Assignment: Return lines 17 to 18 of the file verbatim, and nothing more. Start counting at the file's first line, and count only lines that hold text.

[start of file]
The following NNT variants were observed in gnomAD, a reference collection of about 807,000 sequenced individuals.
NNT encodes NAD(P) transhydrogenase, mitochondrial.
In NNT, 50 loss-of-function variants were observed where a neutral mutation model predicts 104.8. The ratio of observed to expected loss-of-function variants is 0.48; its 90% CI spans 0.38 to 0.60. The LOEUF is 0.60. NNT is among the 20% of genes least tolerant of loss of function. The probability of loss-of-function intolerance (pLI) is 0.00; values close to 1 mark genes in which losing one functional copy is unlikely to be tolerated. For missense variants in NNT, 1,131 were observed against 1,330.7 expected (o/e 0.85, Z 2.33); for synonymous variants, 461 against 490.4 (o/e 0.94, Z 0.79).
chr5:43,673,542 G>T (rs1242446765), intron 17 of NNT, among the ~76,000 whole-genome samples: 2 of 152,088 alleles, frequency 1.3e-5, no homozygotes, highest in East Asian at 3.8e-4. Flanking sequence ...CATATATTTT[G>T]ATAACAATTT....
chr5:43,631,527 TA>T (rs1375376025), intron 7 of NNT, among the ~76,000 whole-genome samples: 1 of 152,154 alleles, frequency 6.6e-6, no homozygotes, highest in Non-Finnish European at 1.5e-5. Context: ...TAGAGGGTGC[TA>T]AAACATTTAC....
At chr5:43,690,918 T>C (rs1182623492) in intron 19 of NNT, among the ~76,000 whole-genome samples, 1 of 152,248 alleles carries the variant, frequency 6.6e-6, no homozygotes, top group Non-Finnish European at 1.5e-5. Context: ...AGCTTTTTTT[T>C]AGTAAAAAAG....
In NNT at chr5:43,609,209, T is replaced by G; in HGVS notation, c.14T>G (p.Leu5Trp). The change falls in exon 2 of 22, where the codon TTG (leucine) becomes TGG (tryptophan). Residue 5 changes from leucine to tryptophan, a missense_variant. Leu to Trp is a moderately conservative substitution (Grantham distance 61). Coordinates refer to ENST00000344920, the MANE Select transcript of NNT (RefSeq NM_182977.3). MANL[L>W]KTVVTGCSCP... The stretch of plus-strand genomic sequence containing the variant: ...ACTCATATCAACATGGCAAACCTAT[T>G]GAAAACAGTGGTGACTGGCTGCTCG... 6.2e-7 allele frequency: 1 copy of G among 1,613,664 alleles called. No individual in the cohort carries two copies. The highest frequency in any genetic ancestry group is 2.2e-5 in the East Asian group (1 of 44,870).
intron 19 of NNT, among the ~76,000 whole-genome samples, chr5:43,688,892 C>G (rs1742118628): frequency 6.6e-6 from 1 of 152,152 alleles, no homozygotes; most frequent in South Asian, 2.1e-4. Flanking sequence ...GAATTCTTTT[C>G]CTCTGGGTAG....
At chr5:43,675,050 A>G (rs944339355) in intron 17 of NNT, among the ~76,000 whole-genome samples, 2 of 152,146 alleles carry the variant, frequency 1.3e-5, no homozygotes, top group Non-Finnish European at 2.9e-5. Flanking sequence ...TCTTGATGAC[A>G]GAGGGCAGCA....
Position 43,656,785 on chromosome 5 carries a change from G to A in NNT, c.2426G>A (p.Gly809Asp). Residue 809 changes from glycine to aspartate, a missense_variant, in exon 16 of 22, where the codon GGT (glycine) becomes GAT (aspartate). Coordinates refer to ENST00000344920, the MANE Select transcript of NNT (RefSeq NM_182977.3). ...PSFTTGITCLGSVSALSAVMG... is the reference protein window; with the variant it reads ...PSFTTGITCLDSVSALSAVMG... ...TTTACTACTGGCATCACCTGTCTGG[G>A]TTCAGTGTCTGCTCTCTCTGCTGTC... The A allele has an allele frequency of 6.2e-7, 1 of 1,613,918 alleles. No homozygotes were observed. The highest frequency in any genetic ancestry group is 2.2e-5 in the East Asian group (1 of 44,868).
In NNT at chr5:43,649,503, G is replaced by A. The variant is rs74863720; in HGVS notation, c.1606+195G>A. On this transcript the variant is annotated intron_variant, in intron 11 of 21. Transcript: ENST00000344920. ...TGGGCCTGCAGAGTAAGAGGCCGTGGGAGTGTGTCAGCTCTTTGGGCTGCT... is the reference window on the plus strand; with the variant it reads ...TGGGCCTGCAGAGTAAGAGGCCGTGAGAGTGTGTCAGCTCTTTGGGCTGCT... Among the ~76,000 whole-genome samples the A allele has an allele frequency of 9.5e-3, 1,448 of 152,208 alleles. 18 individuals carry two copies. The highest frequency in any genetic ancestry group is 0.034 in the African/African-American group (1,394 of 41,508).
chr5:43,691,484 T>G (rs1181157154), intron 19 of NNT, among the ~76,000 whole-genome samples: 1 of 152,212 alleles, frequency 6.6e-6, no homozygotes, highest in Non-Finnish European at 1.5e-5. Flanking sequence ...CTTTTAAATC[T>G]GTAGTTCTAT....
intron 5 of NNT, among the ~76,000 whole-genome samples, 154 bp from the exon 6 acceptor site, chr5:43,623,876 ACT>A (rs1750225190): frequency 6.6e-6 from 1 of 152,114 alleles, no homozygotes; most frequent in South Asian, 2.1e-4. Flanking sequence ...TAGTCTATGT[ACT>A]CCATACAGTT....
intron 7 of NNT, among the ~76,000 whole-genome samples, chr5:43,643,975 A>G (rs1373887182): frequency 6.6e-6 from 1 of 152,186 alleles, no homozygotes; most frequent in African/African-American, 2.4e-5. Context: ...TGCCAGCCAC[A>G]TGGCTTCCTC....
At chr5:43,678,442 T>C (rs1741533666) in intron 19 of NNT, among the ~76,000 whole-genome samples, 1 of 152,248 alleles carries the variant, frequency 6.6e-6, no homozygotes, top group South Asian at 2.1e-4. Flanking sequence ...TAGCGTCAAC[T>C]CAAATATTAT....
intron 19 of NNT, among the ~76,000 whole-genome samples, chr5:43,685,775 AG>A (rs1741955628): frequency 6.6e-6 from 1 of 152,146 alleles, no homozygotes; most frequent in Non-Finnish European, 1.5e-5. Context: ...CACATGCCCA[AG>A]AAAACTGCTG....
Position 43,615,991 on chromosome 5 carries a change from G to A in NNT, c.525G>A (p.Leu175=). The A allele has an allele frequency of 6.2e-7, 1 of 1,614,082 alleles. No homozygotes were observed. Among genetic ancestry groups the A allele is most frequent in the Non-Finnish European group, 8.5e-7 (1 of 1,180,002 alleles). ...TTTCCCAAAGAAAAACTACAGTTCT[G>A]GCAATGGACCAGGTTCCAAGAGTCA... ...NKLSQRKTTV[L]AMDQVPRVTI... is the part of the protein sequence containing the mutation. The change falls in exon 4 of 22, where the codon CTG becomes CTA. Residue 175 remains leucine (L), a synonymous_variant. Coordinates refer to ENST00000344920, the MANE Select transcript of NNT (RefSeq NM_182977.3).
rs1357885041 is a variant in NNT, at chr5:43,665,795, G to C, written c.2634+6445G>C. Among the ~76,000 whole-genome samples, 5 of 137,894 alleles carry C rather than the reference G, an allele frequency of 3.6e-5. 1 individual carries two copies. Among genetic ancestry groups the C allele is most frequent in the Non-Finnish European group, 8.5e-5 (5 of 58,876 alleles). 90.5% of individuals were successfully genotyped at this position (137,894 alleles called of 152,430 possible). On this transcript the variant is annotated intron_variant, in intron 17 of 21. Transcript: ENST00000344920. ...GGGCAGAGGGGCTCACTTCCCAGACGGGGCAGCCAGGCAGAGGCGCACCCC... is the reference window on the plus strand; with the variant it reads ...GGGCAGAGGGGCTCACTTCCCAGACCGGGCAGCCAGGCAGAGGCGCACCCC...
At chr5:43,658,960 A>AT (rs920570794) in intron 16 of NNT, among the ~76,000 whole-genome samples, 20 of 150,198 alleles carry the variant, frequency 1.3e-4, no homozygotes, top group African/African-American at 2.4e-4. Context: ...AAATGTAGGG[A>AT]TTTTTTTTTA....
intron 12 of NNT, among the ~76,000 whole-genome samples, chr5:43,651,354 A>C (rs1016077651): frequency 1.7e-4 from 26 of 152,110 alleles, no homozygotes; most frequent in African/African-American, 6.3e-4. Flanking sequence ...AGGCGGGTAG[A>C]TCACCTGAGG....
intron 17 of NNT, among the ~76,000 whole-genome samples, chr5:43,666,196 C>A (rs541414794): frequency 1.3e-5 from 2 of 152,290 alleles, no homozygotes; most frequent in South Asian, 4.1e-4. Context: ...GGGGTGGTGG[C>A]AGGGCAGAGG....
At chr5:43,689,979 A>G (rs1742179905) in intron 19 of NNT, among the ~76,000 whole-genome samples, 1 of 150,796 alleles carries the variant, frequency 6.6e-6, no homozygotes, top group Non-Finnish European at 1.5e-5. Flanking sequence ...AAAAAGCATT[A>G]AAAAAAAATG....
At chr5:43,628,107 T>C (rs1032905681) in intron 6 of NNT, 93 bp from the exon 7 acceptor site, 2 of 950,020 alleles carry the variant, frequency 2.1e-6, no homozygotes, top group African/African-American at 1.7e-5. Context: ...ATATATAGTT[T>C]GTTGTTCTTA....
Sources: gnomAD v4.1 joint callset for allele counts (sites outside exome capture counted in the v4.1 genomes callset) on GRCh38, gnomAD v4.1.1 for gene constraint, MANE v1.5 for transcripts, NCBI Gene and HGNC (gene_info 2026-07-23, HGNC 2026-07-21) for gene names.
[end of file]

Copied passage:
Position 43,615,991 on chromosome 5 carries a change from G to A in NNT, c.525G>A (p.Leu175=). The A allele has an allele frequency of 6.2e-7, 1 of 1,614,082 alleles. No homozygotes were observed. Among genetic ancestry groups the A allele is most frequent in the Non-Finnish European group, 8.5e-7 (1 of 1,180,002 alleles). ...TTTCCCAAAGAAAAACTACAGTTCT[G>A]GCAATGGACCAGGTTCCAAGAGTCA... ...NKLSQRKTTV[L]AMDQVPRVTI... is the part of the protein sequence containing the mutation. The change falls in exon 4 of 22, where the codon CTG becomes CTA. Residue 175 remains leucine (L), a synonymous_variant. Coordinates refer to ENST00000344920, the MANE Select transcript of NNT (RefSeq NM_182977.3).
rs1357885041 is a variant in NNT, at chr5:43,665,795, G to C, written c.2634+6445G>C. Among the ~76,000 whole-genome samples, 5 of 137,894 alleles carry C rather than the reference G, an allele frequency of 3.6e-5. 1 individual carries two copies. Among genetic ancestry groups the C allele is most frequent in the Non-Finnish European group, 8.5e-5 (5 of 58,876 alleles). 90.5% of individuals were successfully genotyped at this position (137,894 alleles called of 152,430 possible). On this transcript the variant is annotated intron_variant, in intron 17 of 21. Transcript: ENST00000344920. ...GGGCAGAGGGGCTCACTTCCCAGACGGGGCAGCCAGGCAGAGGCGCACCCC... is the reference window on the plus strand; with the variant it reads ...GGGCAGAGGGGCTCACTTCCCAGACCGGGCAGCCAGGCAGAGGCGCACCCC...